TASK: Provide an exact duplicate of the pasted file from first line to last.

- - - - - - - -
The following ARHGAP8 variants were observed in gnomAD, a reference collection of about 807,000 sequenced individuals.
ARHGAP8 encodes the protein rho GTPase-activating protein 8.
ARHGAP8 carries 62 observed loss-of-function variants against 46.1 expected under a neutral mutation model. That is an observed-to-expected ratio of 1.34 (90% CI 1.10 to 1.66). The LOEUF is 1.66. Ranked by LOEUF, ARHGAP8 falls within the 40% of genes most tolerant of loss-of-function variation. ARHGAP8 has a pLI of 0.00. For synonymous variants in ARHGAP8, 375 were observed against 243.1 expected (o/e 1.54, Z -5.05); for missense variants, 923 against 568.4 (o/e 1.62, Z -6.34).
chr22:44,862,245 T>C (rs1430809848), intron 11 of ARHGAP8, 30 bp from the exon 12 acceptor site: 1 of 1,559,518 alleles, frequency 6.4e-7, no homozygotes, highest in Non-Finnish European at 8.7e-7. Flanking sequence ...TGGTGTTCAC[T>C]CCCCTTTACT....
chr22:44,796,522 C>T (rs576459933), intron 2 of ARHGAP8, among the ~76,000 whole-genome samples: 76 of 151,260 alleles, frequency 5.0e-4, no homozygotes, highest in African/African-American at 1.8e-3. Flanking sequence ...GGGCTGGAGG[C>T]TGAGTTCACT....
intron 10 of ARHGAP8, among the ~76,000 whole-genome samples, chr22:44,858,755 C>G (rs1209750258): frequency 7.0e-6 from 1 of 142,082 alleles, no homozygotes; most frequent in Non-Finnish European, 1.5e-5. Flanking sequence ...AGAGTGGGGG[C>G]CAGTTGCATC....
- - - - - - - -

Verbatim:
The following ARHGAP8 variants were observed in gnomAD, a reference collection of about 807,000 sequenced individuals.
ARHGAP8 encodes the protein rho GTPase-activating protein 8.
ARHGAP8 carries 62 observed loss-of-function variants against 46.1 expected under a neutral mutation model. That is an observed-to-expected ratio of 1.34 (90% CI 1.10 to 1.66). The LOEUF is 1.66. Ranked by LOEUF, ARHGAP8 falls within the 40% of genes most tolerant of loss-of-function variation. ARHGAP8 has a pLI of 0.00. For synonymous variants in ARHGAP8, 375 were observed against 243.1 expected (o/e 1.54, Z -5.05); for missense variants, 923 against 568.4 (o/e 1.62, Z -6.34).
chr22:44,862,245 T>C (rs1430809848), intron 11 of ARHGAP8, 30 bp from the exon 12 acceptor site: 1 of 1,559,518 alleles, frequency 6.4e-7, no homozygotes, highest in Non-Finnish European at 8.7e-7. Flanking sequence ...TGGTGTTCAC[T>C]CCCCTTTACT....
chr22:44,796,522 C>T (rs576459933), intron 2 of ARHGAP8, among the ~76,000 whole-genome samples: 76 of 151,260 alleles, frequency 5.0e-4, no homozygotes, highest in African/African-American at 1.8e-3. Flanking sequence ...GGGCTGGAGG[C>T]TGAGTTCACT....
intron 10 of ARHGAP8, among the ~76,000 whole-genome samples, chr22:44,858,755 C>G (rs1209750258): frequency 7.0e-6 from 1 of 142,082 alleles, no homozygotes; most frequent in Non-Finnish European, 1.5e-5. Flanking sequence ...AGAGTGGGGG[C>G]CAGTTGCATC....